Typically, articles predicting developments for the coming year come out in early January, or even late December. But here we are, two weeks into February, and Simplifi finally has a feature outlining what we can expect from music streaming in 2023. Do I feel badly about this delay? Not in the least. Because when it comes to lateness, I have nothing on Spotify and Apple Music. Those streaming giants have both missed self-imposed deadlines by well over a year. With that excuse out of the way, here are three streaming stories I’ll be watching in 2023.

Sometime last spring, it became clear to me that I’d be upgrading my hi-fi setup before the year was out. Not that I was dissatisfied with the gear I already owned—quite the contrary. I loved listening to that system, which comprised an NAD C 658 streaming DAC-preamp ($1999, all prices in USD), a pair of Elac Navis ARF-51 active floorstanding speakers ($3999.96/pair), and an SVS Micro 3000 subwoofer ($899.99). That system has provided countless hours of listening pleasure for me, my music-loving missus, and visitors to our home.

Since the 1970s, record labels and audio manufacturers have been trying to convince music lovers to move beyond two-channel stereo. Music doesn’t just happen in front of us, argue proponents of surround music; it happens all around us. We could get a better experience if we added speakers beside and/or behind the listening position.

How would you rather spend a glorious Canadian autumn weekend? Walking in the park? Taking a drive in the country? Raking the leaves? Or roaming the halls of a generic suburban hotel?

Lately, I’ve been enjoying the SoundStage! Audiophile Podcast, which is hosted by Brent Butterworth, senior editor of SoundStage! Solo, and Dennis Burger, senior editor of SoundStage! Access. Brent and Dennis tackle a wide range of topics and do a ton of preparation for each episode. The production is polished, the discussions are well-informed and thought-provoking, and the presentation is casual and inviting.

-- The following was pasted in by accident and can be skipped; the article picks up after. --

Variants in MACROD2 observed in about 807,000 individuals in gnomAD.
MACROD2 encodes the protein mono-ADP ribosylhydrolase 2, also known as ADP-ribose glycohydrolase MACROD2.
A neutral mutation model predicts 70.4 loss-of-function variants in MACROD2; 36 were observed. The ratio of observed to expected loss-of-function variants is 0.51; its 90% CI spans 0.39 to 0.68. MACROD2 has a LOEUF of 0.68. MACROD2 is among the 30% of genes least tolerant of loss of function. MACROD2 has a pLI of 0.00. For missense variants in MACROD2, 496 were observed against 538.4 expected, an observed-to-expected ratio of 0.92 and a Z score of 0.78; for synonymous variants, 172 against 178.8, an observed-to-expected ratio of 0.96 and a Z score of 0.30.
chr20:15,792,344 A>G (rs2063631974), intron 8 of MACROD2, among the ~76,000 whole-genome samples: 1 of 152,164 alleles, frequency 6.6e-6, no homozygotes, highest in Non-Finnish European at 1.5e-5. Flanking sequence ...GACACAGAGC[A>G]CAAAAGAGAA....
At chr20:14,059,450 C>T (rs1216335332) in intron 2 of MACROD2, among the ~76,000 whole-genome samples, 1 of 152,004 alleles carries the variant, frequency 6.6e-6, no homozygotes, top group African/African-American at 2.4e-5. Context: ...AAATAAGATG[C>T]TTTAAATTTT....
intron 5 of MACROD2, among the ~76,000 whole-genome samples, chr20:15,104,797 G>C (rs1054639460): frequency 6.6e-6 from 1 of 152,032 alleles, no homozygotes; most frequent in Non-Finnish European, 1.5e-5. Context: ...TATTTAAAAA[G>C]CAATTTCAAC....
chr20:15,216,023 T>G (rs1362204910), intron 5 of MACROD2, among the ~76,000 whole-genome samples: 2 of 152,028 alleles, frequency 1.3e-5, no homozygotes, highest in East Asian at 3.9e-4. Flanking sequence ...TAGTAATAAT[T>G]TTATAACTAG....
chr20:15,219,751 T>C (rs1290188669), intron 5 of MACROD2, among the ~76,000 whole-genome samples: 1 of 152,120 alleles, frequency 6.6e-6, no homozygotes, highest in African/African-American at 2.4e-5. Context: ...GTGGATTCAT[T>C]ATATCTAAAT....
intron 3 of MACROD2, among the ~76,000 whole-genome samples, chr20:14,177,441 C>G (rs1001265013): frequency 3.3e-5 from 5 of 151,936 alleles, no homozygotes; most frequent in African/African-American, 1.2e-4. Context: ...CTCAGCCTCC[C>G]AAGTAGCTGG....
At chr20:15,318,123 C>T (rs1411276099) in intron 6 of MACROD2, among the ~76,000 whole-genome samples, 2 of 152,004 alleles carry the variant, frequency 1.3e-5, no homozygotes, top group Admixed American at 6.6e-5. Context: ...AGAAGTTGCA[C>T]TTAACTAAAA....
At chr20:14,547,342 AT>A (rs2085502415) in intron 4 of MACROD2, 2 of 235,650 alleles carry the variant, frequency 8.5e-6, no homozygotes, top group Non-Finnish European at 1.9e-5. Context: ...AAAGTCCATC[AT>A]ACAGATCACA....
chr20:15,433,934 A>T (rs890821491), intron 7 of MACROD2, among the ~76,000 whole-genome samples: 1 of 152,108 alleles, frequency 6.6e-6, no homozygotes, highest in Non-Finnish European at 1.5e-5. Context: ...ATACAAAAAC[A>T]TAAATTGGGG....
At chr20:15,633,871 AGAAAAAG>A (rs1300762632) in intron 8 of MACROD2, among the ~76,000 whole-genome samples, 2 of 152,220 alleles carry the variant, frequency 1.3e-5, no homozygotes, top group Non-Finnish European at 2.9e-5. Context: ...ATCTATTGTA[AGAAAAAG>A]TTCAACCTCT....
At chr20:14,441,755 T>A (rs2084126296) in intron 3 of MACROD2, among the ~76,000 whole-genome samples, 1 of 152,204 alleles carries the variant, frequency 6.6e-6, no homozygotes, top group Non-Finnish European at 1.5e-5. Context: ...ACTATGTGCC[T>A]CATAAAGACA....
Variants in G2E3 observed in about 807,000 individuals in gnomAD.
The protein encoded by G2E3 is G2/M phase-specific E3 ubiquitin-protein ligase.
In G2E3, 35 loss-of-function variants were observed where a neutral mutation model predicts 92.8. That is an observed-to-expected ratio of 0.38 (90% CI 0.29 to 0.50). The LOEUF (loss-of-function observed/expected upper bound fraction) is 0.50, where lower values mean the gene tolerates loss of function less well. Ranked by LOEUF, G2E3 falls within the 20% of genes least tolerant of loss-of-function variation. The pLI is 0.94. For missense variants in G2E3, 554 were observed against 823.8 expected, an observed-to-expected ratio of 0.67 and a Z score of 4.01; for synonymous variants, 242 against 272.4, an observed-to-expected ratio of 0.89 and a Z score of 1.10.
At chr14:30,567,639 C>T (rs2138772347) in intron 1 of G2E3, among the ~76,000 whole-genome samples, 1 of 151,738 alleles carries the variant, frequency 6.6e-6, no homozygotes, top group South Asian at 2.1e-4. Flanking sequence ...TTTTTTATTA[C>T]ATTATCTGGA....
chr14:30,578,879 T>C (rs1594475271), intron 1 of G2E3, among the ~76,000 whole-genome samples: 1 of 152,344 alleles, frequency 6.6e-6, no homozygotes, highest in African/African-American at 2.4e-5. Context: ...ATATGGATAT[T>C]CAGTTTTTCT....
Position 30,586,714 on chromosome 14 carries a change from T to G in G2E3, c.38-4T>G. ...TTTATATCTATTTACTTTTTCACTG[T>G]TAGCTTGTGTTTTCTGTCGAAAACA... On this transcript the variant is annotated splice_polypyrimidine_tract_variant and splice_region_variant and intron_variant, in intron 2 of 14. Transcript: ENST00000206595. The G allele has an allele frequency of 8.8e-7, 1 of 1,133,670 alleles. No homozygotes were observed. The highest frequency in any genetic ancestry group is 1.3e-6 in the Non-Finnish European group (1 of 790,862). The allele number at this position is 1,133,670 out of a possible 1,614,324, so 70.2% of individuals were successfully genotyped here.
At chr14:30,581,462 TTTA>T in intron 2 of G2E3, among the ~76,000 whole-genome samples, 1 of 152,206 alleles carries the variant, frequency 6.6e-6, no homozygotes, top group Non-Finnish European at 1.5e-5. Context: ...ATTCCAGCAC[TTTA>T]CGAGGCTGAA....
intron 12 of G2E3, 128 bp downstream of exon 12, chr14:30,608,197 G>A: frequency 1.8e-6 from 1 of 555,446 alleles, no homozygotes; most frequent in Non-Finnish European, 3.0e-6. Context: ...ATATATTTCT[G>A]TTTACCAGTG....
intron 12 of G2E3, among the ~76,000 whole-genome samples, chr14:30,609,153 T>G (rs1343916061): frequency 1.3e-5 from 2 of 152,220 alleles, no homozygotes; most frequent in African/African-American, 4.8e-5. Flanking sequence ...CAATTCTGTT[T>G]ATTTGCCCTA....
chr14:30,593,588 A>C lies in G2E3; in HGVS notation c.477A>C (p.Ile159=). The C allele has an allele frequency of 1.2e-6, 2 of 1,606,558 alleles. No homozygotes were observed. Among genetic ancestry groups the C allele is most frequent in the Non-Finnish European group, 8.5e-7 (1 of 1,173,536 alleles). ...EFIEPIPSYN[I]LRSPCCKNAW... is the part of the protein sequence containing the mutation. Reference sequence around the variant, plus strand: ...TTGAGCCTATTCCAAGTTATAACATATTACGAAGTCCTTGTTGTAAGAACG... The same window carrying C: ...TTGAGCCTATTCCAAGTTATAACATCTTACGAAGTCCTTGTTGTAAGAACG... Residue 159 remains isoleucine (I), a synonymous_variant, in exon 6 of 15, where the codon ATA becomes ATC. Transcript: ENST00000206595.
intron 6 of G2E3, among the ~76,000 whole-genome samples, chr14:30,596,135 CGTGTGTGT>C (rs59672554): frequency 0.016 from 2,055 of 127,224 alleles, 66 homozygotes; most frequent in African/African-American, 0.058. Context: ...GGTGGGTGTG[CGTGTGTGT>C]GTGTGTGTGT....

I never wanted to purchase new speakers. I never wanted to go digital. It all happened by accident.

The greatest audio show on earth is back. After a two-year, pandemic-induced hiatus, the 2022 Munich High End show took place from May 19 to 22. The SoundStage! Network sent a four-person editorial team to Bavaria: founder and publisher Doug Schneider; editor-in-chief Jeff Fritz; Edward Kramer, editor of SoundStage! Australia; and Jonathan Gorse, a UK-based contributor to SoundStage! Ultra. Together, they filed 18 dispatches from Munich, which you can find on SoundStage! Global.

When it comes to consuming music, you can split the SoundStage! team into a few broad categories: those who are big into physical media, those who have fully embraced streaming, those who rely on downloaded and ripped music, and those with feet in all these camps.

Across the SoundStage! Network, you’ll find coverage of all kinds of audio products: high-end gear on SoundStage! Ultra, affordable components on SoundStage! Access, headphones and accessories on SoundStage! Solo, lifestyle audio here on SoundStage! Simplifi, portable Bluetooth speakers on SoundStage! Xperience, news and events on SoundStage! Global, and all manner of gear on the mothership—SoundStage! Hi-Fi.

One of the occupational hazards of writing for an audiophile website is a condition photography enthusiasts call GAS—Gear Acquisition Syndrome. After hearing about a new lens (or amplifier), you decide you really, really need this new toy, even though the gear you already own is more than adequate for your needs. During my adult life, I’ve experienced GAS hundreds—maybe thousands—of times, and succumbed to it more often than I care to admit.

Was 2021 the year that lossless and hi-rez music streaming became mainstream? Last year, Spotify promised it would start delivering lossless music, but failed to deliver. Three months later, Apple announced plans to offer lossless and hi-rez content, and started delivering shortly thereafter. Amazon Music HD had been offering lossless and hi-rez music since 2019; but following Apple’s move, Amazon reduced its price for the service. These aggressive moves by major providers like Apple and Amazon led several smaller streaming services to revamp their own pricing plans in 2021.